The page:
Annual Rate Charts (Introduction)

I debuted the Annual Rate Charts (ARCs) on twitter over a month ago and since I’m unleashing the Tableau to the public, I wanted to ensure proper documentation was available.

You can find the link to the interactive Tableau Charts HERE!

What are Annual Rates Charts?

Annual Rate Charts (ARCs) are a way to measure the production and expected production of a player relative to their time on the ice. Production is quantified using the Goals Above Replacement (GAR) and Expected Goals Above Replacement (xGAR) models from Evolving-Hockey. If you want an in-depth analysis of how GAR is calculated, documentation is available here. In short, GAR is a single number that captures the contribution of that player in different game situations. GAR is subdivided into several categories, including even strength offense & defense, power play, penalty kill, takeaways and faceoffs. The number for each player represents the number of goals more (positive) or less (negative) that a player contributions relative to a replacement-level player (by position).

Expected GAR (xGAR) is also a single number assigned to each player, which is calculated based on the on-ice performance of a player (including rates, quality, shooting and goaltending). This number is the expected number of goals more or less above replacement-level that the player should contribute, based on their on-ice actions. In other words, xGAR represents the performance of a player, while GAR represents the results of that performance. When I tested the relationship between these values, I find that xGAR captures approximately 86% of the variation in GAR, which is quite substantial for a model including human subjects.

Annual Rate Charts (ARCs) can be differentiated from many other publicly available visualizations using GAR and xGAR data as it is relative to the amount of time a player is on the ice. These rates can be differentiated from many other popular visualizations that  display GAR data in aggregate form. There are strengths and weaknesses to both rate and aggregate data, but both are useful in their own way.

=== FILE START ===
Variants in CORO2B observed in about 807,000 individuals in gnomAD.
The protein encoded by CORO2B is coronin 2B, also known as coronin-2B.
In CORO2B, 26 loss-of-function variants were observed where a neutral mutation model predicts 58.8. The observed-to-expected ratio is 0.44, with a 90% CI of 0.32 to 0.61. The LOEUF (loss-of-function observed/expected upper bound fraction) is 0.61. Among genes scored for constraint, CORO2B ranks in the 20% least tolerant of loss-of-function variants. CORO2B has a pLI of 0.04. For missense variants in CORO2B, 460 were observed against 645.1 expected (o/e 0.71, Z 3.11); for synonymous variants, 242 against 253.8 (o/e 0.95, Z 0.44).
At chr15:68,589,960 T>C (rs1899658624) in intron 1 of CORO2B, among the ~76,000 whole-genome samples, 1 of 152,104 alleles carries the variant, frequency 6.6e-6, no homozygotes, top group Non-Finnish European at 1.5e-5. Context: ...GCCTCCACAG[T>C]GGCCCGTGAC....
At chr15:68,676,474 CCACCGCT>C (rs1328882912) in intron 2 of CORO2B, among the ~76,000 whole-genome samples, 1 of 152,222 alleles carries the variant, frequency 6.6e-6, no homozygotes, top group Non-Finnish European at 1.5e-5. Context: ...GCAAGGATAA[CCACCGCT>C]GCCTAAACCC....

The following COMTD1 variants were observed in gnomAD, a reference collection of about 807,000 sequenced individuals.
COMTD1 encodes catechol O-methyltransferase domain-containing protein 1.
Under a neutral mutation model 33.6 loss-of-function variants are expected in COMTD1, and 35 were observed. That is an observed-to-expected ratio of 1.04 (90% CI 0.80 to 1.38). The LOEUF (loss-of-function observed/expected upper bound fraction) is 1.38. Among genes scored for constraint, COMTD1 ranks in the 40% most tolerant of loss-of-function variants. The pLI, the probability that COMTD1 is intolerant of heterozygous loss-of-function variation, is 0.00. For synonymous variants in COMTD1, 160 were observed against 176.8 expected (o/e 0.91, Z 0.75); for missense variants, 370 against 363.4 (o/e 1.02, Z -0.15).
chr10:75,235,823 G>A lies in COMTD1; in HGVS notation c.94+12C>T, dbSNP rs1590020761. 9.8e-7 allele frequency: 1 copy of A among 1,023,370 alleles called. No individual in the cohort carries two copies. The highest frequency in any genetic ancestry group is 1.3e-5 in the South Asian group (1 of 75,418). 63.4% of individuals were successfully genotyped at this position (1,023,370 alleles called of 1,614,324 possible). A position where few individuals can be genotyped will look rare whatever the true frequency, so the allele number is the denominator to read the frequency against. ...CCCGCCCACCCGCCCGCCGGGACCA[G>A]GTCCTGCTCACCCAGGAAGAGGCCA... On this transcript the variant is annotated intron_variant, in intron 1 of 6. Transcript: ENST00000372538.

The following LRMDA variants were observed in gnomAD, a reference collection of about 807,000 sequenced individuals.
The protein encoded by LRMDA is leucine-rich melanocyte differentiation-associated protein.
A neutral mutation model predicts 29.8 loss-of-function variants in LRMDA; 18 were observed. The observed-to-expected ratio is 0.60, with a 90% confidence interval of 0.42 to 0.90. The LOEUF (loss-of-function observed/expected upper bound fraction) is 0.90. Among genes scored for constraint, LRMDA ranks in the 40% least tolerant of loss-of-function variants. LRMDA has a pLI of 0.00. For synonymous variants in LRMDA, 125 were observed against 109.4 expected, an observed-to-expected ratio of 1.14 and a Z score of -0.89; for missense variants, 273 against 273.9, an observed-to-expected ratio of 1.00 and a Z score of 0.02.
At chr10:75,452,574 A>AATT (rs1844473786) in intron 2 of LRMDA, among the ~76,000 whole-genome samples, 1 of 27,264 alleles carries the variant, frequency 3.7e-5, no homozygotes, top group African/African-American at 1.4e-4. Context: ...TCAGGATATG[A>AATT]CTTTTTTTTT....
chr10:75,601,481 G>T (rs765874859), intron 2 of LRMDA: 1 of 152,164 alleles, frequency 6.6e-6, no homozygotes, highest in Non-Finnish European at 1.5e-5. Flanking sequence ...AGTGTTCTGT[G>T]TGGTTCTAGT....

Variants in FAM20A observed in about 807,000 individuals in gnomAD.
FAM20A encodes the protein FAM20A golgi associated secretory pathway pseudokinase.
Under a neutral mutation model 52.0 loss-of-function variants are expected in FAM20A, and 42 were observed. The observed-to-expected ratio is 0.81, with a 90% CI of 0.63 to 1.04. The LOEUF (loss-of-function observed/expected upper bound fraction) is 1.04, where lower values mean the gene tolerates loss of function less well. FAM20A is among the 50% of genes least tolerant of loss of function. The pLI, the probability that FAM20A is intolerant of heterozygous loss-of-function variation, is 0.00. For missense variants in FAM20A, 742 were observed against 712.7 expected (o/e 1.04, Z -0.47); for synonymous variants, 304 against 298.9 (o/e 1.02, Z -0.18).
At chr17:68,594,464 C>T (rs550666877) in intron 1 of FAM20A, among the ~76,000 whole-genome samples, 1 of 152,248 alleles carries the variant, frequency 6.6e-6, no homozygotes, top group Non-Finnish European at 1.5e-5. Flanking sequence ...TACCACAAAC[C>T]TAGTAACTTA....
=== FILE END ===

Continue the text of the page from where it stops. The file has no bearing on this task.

Strengths and Weaknesses

Aggregate data displays the total contribution of a player. This is useful in evaluating and comparing the total impact that a player has relative to the total impact of his peers. However, aggregate data is limited in its effectiveness in communicating player value relative to their respective time on ice. This is one of the weaknesses of aggregate data in general, as player value is inflated with more minutes. This weakness of aggregate data is the primary strength of rate data. Rather than looking at total contribution, rate data is normalized by looking at a players’ contribution per 60 minutes of ice time. The weakness of using rate data is actually the opposite of aggregate data: players with a smaller sample inflate their rates compared to players with larger samples.

This weakness can be partially mitigated by removing players below a minimum threshold, but it still favors players in limited roles. This is something I address in my treatment of rate data by categorizing players by role, which includes top-6/middle-6/bottom-6 for forwards and top-4/bottom-4 for defensemen.1 Long story short, defensemen and forwards are divided into equal groups based on the median and percentile of their respective teams’ total positional even strength time on ice in that particular season.